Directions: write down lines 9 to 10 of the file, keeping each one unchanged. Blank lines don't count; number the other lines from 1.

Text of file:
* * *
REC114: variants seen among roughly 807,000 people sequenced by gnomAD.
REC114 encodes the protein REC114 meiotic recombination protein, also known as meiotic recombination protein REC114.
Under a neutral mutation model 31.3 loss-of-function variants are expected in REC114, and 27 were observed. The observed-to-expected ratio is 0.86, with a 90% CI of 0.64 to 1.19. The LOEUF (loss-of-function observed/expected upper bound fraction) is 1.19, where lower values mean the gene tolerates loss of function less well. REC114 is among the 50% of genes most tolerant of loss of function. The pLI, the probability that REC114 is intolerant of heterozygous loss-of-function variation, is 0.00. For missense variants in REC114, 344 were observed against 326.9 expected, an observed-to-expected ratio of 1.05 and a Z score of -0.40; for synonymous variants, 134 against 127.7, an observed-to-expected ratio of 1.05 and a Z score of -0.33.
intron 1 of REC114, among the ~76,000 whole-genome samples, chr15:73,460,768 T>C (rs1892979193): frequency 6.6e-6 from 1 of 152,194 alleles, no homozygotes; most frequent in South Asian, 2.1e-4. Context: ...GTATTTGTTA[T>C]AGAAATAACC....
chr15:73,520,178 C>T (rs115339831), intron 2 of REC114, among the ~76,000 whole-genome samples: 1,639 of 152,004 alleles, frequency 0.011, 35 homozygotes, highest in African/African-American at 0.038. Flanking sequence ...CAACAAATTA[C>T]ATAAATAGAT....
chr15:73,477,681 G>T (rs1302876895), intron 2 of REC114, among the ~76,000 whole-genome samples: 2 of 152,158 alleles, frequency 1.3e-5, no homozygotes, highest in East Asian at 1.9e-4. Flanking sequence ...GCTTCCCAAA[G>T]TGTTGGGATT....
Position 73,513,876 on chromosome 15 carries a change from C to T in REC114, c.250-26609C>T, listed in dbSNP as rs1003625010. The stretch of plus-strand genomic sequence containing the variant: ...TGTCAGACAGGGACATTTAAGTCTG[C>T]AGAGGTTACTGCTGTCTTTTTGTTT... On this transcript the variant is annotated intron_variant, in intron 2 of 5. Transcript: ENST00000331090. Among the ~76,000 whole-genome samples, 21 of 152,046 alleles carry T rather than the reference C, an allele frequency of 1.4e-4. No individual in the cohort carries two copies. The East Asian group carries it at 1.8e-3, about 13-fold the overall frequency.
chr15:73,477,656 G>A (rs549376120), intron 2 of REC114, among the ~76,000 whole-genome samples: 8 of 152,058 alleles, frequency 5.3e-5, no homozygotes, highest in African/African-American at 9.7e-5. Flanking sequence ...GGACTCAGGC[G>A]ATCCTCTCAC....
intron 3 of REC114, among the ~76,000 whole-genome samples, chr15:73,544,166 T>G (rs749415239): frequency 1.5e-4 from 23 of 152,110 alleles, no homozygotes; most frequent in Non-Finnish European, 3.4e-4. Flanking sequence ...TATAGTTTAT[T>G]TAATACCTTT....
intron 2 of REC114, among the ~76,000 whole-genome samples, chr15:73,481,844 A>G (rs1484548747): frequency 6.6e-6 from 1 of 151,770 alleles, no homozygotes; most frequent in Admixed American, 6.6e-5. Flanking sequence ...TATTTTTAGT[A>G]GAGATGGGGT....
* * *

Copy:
intron 3 of REC114, among the ~76,000 whole-genome samples, chr15:73,544,166 T>G (rs749415239): frequency 1.5e-4 from 23 of 152,110 alleles, no homozygotes; most frequent in Non-Finnish European, 3.4e-4. Flanking sequence ...TATAGTTTAT[T>G]TAATACCTTT....
intron 2 of REC114, among the ~76,000 whole-genome samples, chr15:73,481,844 A>G (rs1484548747): frequency 6.6e-6 from 1 of 151,770 alleles, no homozygotes; most frequent in Admixed American, 6.6e-5. Flanking sequence ...TATTTTTAGT[A>G]GAGATGGGGT....